Saturday, September 29, 2012

Aaron Lebedeff: A Yiddish Maidel Darf A Yiddischen Boy

Aaron Lebedeff sings "A Yiddish Maidel Darf  A Yiddischen Boy."

Title: A Yiddish Meydl Darf A Yidishn Boy: אַ ייִדיש מײדל דאַרף אַ ייַדישן בױ
Lyrics: Jacob Jacobs (born Yaakov Yakubovitsh):  זשאַקאָבס, זשאַקאָב
Composer: Alexander Olshanetsky:  אָלשאַנעצקי, אַלעקסאַנדער

Aaron Lebedeff [1873-1960], considered the Maurice Chevalier of the Yiddish stage, was one of the top song-and-dance men of the Yiddish theater. He was born in Homel, White Russia (present day Belarus), and moved to New York City in 1920. One Yiddish music site writes:
When he finally arrived in New York in 1920, he scored an immediate personal success at Boris Thomashcfsky's storied National Theatre in a play called Liovka Molodez. Thus began sixteen years on Second Avenue, during which he played a full season each year, never missing even a week. Ever gay, in his straw hat and faultlessly tailored clothes, he seemed to many the Maurice Chevalier of the Yiddish stage.
He became famous for roles like The Rumanian Litvak, and though after awhile his vehicles assumed a typed character, the audiences loved him. The New York Times in a review in October 1932 commented that he delighted the public in roles in which he was invariably "an ingratiating provincial who is always the victim of misfortune in the first act, only to shine forth resplendent with simoleons and a slick sennet in the closing act."
At sixty-one, when he was stilt playing romantic leads (albeit wearing a hat to hide a receding hair fine), he divulged to a reporter for the New York American his formula for perpetual youth: "Dress well, eat and drink what you like, and remain constantly in love." Though he was surrounded by adoring females wherever he went, he remained happily married to the actress Vera Lebedeff (Rebecca Shehtman).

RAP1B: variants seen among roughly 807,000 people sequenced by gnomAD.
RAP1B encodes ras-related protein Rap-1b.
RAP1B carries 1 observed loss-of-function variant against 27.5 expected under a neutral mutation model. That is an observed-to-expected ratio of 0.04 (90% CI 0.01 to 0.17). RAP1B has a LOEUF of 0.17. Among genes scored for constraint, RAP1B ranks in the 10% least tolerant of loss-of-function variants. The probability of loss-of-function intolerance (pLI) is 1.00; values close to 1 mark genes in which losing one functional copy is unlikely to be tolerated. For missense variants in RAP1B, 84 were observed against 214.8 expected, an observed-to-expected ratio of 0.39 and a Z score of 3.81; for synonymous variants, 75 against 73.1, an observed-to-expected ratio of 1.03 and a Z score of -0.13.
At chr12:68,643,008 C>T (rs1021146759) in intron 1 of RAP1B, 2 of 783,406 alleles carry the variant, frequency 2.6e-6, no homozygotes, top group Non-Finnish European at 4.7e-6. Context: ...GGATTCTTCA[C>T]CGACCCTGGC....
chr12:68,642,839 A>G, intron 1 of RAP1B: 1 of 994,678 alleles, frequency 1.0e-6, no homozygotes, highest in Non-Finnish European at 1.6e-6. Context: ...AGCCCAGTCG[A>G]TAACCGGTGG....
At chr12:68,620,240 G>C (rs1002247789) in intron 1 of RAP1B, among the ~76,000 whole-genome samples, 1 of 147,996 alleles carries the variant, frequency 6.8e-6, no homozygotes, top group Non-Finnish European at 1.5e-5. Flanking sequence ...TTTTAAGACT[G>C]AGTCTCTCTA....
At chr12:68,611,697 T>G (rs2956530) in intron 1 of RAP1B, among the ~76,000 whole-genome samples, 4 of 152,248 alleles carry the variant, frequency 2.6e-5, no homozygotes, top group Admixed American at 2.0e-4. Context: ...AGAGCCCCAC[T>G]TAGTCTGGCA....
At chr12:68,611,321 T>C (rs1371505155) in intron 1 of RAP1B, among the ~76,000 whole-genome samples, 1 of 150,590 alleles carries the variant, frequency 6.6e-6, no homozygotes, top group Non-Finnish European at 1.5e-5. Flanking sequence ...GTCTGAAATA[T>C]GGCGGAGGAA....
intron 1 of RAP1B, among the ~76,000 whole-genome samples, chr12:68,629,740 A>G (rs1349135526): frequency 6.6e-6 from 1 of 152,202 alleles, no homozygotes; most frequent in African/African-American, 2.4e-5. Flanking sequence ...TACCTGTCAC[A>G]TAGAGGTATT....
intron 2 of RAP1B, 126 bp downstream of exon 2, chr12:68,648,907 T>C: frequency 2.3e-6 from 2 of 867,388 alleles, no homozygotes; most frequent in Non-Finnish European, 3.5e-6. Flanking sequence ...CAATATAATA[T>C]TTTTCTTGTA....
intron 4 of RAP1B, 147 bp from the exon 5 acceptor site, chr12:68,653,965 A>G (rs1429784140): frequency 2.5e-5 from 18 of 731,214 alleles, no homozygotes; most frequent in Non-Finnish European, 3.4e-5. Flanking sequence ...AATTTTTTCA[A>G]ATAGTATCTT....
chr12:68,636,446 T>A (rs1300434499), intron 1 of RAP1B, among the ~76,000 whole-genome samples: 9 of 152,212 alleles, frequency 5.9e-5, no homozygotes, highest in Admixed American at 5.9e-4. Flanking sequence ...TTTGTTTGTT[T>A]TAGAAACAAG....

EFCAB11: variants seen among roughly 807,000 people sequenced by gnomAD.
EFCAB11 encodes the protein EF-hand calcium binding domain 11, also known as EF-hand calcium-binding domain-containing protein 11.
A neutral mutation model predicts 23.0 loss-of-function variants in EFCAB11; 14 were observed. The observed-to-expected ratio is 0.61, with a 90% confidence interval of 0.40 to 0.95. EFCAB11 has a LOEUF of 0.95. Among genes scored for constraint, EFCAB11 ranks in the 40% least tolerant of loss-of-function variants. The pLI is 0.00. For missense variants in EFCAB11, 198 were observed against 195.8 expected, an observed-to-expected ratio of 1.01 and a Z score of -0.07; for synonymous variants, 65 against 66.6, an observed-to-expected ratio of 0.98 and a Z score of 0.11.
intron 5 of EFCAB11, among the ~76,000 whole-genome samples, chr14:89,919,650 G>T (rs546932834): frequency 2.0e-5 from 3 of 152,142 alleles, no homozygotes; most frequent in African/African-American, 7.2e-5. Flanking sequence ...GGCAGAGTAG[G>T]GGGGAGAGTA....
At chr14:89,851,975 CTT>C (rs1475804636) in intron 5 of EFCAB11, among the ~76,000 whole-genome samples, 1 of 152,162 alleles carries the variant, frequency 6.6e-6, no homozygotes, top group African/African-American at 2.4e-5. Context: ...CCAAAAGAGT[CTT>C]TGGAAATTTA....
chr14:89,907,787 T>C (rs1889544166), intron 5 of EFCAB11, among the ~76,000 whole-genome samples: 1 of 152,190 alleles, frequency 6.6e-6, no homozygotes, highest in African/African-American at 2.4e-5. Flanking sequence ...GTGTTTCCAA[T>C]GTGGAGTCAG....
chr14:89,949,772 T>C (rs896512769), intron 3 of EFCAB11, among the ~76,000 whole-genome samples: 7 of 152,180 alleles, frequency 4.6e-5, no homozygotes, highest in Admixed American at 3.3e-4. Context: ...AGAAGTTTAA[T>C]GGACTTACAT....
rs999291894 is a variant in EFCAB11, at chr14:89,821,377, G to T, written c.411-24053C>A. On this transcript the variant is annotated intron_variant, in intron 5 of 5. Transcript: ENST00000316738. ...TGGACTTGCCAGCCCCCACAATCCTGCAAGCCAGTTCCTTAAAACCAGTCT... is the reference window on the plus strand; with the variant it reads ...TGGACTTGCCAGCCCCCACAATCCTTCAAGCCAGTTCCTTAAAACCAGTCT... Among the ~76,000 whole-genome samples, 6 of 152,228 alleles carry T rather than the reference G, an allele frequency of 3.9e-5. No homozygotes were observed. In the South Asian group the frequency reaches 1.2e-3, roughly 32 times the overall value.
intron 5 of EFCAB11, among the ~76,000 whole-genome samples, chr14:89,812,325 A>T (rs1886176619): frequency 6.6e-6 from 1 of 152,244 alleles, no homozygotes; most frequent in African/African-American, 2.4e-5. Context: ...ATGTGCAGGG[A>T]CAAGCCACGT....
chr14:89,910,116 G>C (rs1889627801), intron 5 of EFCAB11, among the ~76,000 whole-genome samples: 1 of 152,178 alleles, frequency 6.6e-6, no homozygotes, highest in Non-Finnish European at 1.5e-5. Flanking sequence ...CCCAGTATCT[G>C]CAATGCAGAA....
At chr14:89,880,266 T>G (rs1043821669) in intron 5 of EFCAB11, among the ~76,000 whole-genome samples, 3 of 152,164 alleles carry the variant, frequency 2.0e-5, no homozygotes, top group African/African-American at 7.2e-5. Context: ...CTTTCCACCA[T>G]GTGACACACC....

Even the rise of talking pictures and the decline of the Yiddish stage dimmed his luster only slightly, for he went on to star m Yiddish vaudeville at the National and Clinton Theatres, where Yiddish talkies and eight live acts shared the bill. To list all the ephemeral Yiddish plays in which he appeared is almost impossible. Among his notable musicals were My Malkele (1937) and Bublitchki (1938) in which he co-starred with Molly Picon, Yankele Litvak,  Yoshke Chvat, Motke from Slobodke, Money Talks, (with Michael Michaclesko, 1952),  The Magic Melody (1953) and My Weekend Bride (1955). In 1953 he was one of the famous Yiddish stars honored at a special anniversary performance for Israel Bonds at the National Theatre (and the only one, true to his usual form, who was called back for several encores).

A Yiddish meydl darf a yidishn boy
S'iz sheyn in eydl
In es darf dokh azoy Zine
Nu, vus zhe toyg aykh tsures zichn
In aleyn in blotes krichhn
A yidish meydl darf a yidishn boy

**These lyrics below are only the chorus from original sheet music:

A Yidish meidel darf a Yidishen boy
Siz shein in aidl in es darf zein azoy
Vos zolt ihr zich tzures zichen
alain in blute krichen
A Yidish meidel darf a Yidishen boy
oi sis a mi-chi-a
oi sis on on-tick
far eich a velt a nei-ya
in far inz a glick

[English Translation]

A Yiddish girl needs to have a Yiddish boy
It's beautiful and noble
And it has to be that way
Now, what need have you to look for trouble,
And end up crawling into the mud
A Yiddish girl needs to have a Yidish boy


  1. My parents owned a 78 RPM record of Lebedeff singing "Oy I'm Crazy for She." It was in a mixture of Yiddish and English, and included the line "Iz zi azoy geshmak vi a Galitsyaner boshtsh" (She's as delicious as a Galician borsht).
    Lebedeff always sang in Northeastern (Litvish) Yiddish, unlike the Southeastern (Ukrainian-Romanian) heard on the Yiddish stage.

  2. Thank you for the information; I understand his Yiddish more than others.


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